I think we need a lot more names and rituals, especially in the uncharted and unpredictable 21st century. We need help remembering who and whose we are amid ever-increasing social complexity. Names aren’t powerful because of how they label the present. Names are like channels for the energy, choices and behaviors that shape our future(s). The name “grandfather” has little implications immediately, as pregnancy and infancy is pretty entirely about women!
But assuming my new name gives Charles Isaac and all those who love him a blank check on everything I have into the future.
As any Jew (or Protestant) knows, life is wildly unmanageable, producing relationships and circumstance that could not have been anticipated. But many of the relationships without names are entirely predictable and common as marriages and family and friendships are drawn and scattered across time zones and decades. This complexity is poorly served by the curious assortment of labels that focus on what used to be: “ex” this and “former” that, “step” this and mushy blandness for that. Charles Isaac is not a “former fetus.” Michelle, the woman who was closest to Nathan’s dad and the one chosen to hold Charles Isaac as his name was explained to the congregation, was…a “Best friend.” Yes, she was. But…….. surely we can do better.
Names suggest how we are now but also into the future. The name of the role gives us an idea of how to behave in that relationship so as to nurture the life-giving possibilities of the role. We can’t even imagine being a good or bad “something” if we don’t have a name.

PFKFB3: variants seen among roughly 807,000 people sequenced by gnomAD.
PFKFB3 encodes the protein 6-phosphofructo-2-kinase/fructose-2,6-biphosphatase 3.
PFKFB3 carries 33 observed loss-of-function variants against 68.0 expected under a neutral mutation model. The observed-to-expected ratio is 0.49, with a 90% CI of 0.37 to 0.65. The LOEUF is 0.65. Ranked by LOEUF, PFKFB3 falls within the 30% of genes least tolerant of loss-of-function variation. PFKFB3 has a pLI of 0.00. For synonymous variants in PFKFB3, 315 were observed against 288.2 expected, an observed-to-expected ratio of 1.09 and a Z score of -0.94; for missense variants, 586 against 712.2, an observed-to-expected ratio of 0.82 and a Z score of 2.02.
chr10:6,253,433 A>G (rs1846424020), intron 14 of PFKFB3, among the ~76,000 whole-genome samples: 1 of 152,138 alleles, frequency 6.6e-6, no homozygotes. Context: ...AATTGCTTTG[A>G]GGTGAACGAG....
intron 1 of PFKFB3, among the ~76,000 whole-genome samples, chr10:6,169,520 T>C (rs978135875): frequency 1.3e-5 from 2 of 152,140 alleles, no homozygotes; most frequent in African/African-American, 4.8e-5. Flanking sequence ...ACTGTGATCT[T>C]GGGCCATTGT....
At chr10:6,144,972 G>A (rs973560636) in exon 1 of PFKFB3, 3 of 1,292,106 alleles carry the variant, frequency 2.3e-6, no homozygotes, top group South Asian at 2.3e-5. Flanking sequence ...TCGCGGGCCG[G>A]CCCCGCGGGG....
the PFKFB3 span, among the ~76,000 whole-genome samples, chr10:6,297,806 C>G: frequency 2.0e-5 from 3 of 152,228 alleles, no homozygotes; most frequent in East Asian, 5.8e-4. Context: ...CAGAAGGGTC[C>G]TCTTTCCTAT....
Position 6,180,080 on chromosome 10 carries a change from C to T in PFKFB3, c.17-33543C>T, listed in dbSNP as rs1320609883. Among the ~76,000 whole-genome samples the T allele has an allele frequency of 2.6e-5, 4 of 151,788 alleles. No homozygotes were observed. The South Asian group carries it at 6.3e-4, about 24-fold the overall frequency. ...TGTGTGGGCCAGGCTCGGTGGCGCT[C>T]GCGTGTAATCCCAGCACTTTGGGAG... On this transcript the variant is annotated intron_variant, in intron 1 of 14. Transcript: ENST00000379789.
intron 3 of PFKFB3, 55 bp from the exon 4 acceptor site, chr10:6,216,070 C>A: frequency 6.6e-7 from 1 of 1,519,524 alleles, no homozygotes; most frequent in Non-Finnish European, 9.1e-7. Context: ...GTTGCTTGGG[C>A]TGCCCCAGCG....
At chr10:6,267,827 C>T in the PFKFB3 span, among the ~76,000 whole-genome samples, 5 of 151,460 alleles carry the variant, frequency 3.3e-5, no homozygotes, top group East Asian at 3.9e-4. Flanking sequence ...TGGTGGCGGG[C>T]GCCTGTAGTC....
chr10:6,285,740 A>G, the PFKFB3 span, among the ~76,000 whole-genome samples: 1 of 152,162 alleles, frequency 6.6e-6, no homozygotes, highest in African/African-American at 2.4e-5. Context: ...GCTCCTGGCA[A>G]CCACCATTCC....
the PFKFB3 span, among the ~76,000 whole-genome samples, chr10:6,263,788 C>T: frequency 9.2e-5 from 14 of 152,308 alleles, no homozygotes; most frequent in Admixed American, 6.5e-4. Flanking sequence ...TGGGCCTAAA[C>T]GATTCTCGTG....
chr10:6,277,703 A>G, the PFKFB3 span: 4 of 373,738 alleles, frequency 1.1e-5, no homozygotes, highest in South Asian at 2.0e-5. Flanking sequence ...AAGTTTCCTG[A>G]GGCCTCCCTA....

What is the name of the person who was my wife and is now…….what? Still the mother of my beloved daughters and grandmother of beloved Charles Isaac. What is the name of the relationship between that yet-to-be-named role and my current wife? What is the name of me to her former mate (also named Charles!)(as is her brother!)(So many Charleses!) What are the role expectations of living up to that name? What are the name of the daughters extending out and the name of their relationship to the panoply of Charleses?
And, obviously, we need some more ceremonies to help us come into new relationships which change lots of old ones. Ask any clergy: the situation today is chaotic, confusing, anxious and, all too often, sad. We need some help marking the passages and transitions so we can assume new roles as we lay down old ones. Even the most common are rarely offered. There are ceremonies of divorce, but Lanny Peters, the pastor of Oakhurst Baptist Church where nearly every member has been married to at least two other members, has never heard of anyone performing it. So much life unhealed, unclosed, unblessed.
The day before Charles Isaac Gunderson Wolfe was named, I stopped by City Lights Bookstore and picked up a copy of the graduation speeches of the Indiana prophet, Kurt Vonnegut (“If this isn’t nice, what is?”). Reflecting on the life of a good Jew he said, “I am enchanted by the Sermon on the Mount. Being merciful, it seems to me, is the only good idea we have had so far. Perhaps we will get another good idea by and by—and then we will have two good ideas.” (p.xv). For Vonnegut, there was really only one rule: “babies—goddamn it, you’ve got to be kind.” (p121)
Names and ceremonies are tools for rules; or maybe only just one. They protect the possibilities of kindness one more human at a time.
A good name helps kindness be embodied: וולף Gunderson יצחק צ’ארלס .